animals <- read.csv('data/animals.csv')
str(animals)
'data.frame':	35549 obs. of  9 variables:
 $ id             : int  1 2 3 4 5 6 7 8 9 10 ...
 $ month          : int  7 7 7 7 7 7 7 7 7 7 ...
 $ day            : int  16 16 16 16 16 16 16 16 16 16 ...
 $ year           : int  1977 1977 1977 1977 1977 1977 1977 1977 1977 1977 ...
 $ plot_id        : int  2 3 2 7 3 1 2 1 1 6 ...
 $ species_id     : Factor w/ 49 levels "","AB","AH","AS",..: 17 17 13 13 13 24 23 13 13 24 ...
 $ sex            : Factor w/ 3 levels "","F","M": 3 3 2 3 3 3 2 3 2 2 ...
 $ hindfoot_length: int  32 33 37 36 35 14 NA 37 34 20 ...
 $ weight         : int  NA NA NA NA NA NA NA NA NA NA ...

Modify the function to specify what string in the CSV file represents NAs, a.k.a. data that is not-available or missing.

animals <- read.csv(
  'data/animals.csv',
  na.strings = '')
Question
What changed?
Answer
Using str() shows that the factors have one less level, and the empty string is no longer included.

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Key dplyr functions

Function Returns
filter keep rows that staisfy conditions
select keep columns with matching names
group_by split data into groups by an existing factor
mutate apply a transformation to existing [split] columns
summarize summarize across rows [and combine split groups]

The table above presents the most commonly used functions in dplyr, which we will demonstrate in turn, starting from the animals data frame.

Subsetting

The animals table includes numeric year and month columns. Of the 35,549 observations, lets see how many observations are left when we keep only observations from the first three months of 1990.

library(dplyr)
animals_1990_winter <- filter(
  animals,
  year == 1990,
  month %in% 1:3)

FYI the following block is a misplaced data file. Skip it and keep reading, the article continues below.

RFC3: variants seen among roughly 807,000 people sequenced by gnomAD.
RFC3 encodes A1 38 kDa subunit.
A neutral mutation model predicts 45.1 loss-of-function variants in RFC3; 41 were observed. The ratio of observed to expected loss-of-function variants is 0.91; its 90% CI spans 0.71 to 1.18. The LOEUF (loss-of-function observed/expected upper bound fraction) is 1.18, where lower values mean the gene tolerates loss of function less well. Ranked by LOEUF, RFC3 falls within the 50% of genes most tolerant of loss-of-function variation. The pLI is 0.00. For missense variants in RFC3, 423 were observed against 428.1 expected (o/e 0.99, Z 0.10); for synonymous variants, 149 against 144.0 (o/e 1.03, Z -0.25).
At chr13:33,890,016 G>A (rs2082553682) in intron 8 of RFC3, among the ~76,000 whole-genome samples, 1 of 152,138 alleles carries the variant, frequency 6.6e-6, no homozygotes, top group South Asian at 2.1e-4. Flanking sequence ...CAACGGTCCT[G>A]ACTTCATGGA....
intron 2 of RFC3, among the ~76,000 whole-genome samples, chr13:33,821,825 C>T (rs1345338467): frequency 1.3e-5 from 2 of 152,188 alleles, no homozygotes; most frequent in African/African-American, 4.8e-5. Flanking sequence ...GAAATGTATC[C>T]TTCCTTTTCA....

str(animals_1990_winter)
'data.frame':	491 obs. of  9 variables:
 $ id             : int  16879 16880 16881 16882 16883 16884 16885 16886 16887 16888 ...
 $ month          : int  1 1 1 1 1 1 1 1 1 1 ...
 $ day            : int  6 6 6 6 6 6 6 6 6 6 ...
 $ year           : int  1990 1990 1990 1990 1990 1990 1990 1990 1990 1990 ...
 $ plot_id        : int  1 1 6 23 12 24 12 24 12 17 ...
 $ species_id     : Factor w/ 48 levels "AB","AH","AS",..: 12 17 23 33 33 33 38 39 38 13 ...
 $ sex            : Factor w/ 2 levels "F","M": 1 2 2 1 2 2 2 1 2 2 ...
 $ hindfoot_length: int  37 21 16 17 17 17 25 30 28 36 ...
 $ weight         : int  35 28 7 9 10 9 35 73 44 55 ...

Note that a logical “and” is implied when conditions are separated by commas. (This is perhaps the main way in which filter differs from the base R subset function.) Therefore, the example above is equivalent to filter(animals, year == 1990 & month %in% 1:3). A logical “or” must be specified explicitly with the | operator.

To keep particular columns of a data frame (rather than choosing rows) , use the select with arguments that match the column names.

colnames(animals)
[1] "id"              "month"           "day"             "year"           
[5] "plot_id"         "species_id"      "sex"             "hindfoot_length"
[9] "weight"         

One way to “match” is by including complete names, each one you want to keep:

select(animals_1990_winter,
  id, month, day, plot_id,
  species_id, sex, hindfoot_length, weight)

Alternatively, we can use a negative “match”: keep columns that do not match the name preceded by minus sing.

animals_1990_winter <- select(
  animals_1990_winter,
  -year)

Use this option to remove a single column from a data frame.

str(animals_1990_winter)
'data.frame':	491 obs. of  8 variables:
 $ id             : int  16879 16880 16881 16882 16883 16884 16885 16886 16887 16888 ...
 $ month          : int  1 1 1 1 1 1 1 1 1 1 ...
 $ day            : int  6 6 6 6 6 6 6 6 6 6 ...
 $ plot_id        : int  1 1 6 23 12 24 12 24 12 17 ...
 $ species_id     : Factor w/ 48 levels "AB","AH","AS",..: 12 17 23 33 33 33 38 39 38 13 ...
 $ sex            : Factor w/ 2 levels "F","M": 1 2 2 1 2 2 2 1 2 2 ...
 $ hindfoot_length: int  37 21 16 17 17 17 25 30 28 36 ...
 $ weight         : int  35 28 7 9 10 9 35 73 44 55 ...


Credit: The Portal Project

Exercise 2

Write code that returns the id, sex and weight of all surveyed individuals of Reithrodontomys montanus (RO).

View solution

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Chaining functions

All those functions from the dplyr package take a data frame as their first argument, and they return a data frame. This consistent syntax is on purpose. It is designed for easily chaining data transformations together: processing data frames in easy-to-read steps.

The “pipe” operator (%>%) from the magrittr package is loaded by dplyr. The pipe takes the expression on its left-hand side and hands it over as the first argument to the function on its right-hand side.

Equivalent to sum(c(1,3,5)), for example, we have: